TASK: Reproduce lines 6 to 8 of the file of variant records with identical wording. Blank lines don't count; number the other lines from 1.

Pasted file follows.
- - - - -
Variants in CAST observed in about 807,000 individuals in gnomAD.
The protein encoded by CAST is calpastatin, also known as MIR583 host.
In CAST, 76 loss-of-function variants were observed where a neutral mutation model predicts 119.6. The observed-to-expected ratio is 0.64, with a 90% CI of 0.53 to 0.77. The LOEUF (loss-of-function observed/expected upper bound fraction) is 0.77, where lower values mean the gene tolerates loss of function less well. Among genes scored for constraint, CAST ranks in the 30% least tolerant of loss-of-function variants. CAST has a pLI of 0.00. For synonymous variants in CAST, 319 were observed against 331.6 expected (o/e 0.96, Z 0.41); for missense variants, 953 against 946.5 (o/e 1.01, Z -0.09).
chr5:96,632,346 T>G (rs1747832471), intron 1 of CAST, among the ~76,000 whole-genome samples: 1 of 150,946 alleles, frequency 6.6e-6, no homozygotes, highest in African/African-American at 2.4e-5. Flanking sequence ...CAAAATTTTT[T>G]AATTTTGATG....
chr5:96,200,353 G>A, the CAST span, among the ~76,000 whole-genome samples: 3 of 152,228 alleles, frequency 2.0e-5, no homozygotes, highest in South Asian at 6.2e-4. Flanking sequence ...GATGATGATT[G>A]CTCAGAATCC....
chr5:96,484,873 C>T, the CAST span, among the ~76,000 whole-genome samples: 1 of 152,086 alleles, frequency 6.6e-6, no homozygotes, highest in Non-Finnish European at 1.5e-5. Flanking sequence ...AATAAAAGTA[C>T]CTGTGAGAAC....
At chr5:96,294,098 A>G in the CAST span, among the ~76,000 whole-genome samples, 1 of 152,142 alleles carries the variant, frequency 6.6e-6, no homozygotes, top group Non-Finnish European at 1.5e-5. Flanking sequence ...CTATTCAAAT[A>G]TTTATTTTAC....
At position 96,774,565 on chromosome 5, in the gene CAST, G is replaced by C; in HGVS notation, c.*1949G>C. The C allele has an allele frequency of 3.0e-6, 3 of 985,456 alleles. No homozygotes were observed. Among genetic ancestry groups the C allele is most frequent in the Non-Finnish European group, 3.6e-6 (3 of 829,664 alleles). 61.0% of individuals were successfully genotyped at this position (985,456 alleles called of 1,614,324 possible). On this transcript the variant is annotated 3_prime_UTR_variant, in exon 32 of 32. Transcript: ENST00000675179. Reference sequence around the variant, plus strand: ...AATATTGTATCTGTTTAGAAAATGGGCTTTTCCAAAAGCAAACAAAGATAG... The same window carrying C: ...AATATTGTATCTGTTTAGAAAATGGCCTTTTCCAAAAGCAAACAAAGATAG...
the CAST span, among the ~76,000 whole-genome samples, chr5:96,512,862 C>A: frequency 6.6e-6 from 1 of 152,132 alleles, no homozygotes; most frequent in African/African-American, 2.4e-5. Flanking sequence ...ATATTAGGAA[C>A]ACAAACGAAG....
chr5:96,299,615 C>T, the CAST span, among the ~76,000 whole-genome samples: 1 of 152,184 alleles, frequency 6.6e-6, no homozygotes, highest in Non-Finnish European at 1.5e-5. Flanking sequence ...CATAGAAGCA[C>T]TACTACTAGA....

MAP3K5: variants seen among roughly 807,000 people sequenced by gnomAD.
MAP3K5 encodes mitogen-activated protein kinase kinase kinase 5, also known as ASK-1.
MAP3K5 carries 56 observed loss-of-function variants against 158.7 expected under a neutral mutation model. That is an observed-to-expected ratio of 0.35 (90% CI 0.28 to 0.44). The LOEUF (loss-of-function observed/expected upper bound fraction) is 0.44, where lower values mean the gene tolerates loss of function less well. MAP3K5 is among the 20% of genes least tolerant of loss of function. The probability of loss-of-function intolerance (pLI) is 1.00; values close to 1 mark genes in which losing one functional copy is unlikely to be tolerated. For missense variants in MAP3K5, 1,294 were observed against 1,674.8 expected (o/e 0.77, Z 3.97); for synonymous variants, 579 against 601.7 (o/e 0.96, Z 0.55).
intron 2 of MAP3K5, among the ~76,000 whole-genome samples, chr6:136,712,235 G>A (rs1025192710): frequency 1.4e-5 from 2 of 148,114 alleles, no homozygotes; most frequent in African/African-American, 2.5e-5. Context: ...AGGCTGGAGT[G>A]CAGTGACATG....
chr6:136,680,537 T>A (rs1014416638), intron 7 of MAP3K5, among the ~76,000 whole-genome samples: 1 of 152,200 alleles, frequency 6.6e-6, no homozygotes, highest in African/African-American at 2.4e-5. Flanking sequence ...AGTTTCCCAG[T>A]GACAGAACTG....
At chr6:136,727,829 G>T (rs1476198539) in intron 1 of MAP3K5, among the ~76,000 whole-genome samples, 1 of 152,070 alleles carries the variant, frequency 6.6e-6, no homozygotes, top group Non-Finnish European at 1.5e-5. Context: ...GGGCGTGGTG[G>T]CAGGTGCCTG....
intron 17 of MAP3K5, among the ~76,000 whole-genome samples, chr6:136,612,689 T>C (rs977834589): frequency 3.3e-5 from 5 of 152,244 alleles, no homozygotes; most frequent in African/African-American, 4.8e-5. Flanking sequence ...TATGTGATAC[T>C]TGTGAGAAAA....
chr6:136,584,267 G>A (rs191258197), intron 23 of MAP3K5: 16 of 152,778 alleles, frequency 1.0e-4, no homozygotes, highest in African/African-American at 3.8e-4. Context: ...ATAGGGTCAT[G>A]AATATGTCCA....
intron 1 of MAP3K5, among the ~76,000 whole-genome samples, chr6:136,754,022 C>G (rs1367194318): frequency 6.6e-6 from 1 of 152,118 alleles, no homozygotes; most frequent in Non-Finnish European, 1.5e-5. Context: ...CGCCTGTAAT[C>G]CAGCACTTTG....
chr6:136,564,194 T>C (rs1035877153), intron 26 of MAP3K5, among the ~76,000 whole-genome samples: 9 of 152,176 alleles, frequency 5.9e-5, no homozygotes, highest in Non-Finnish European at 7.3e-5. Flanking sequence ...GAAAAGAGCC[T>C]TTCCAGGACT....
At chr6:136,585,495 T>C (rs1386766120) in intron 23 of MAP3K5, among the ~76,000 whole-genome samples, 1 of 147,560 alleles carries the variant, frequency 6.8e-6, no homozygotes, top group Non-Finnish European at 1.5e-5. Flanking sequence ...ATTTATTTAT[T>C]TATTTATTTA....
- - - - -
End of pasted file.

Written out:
chr5:96,484,873 C>T, the CAST span, among the ~76,000 whole-genome samples: 1 of 152,086 alleles, frequency 6.6e-6, no homozygotes, highest in Non-Finnish European at 1.5e-5. Flanking sequence ...AATAAAAGTA[C>T]CTGTGAGAAC....
At chr5:96,294,098 A>G in the CAST span, among the ~76,000 whole-genome samples, 1 of 152,142 alleles carries the variant, frequency 6.6e-6, no homozygotes, top group Non-Finnish European at 1.5e-5. Flanking sequence ...CTATTCAAAT[A>G]TTTATTTTAC....
At position 96,774,565 on chromosome 5, in the gene CAST, G is replaced by C; in HGVS notation, c.*1949G>C. The C allele has an allele frequency of 3.0e-6, 3 of 985,456 alleles. No homozygotes were observed. Among genetic ancestry groups the C allele is most frequent in the Non-Finnish European group, 3.6e-6 (3 of 829,664 alleles). 61.0% of individuals were successfully genotyped at this position (985,456 alleles called of 1,614,324 possible). On this transcript the variant is annotated 3_prime_UTR_variant, in exon 32 of 32. Transcript: ENST00000675179. Reference sequence around the variant, plus strand: ...AATATTGTATCTGTTTAGAAAATGGGCTTTTCCAAAAGCAAACAAAGATAG... The same window carrying C: ...AATATTGTATCTGTTTAGAAAATGGCCTTTTCCAAAAGCAAACAAAGATAG...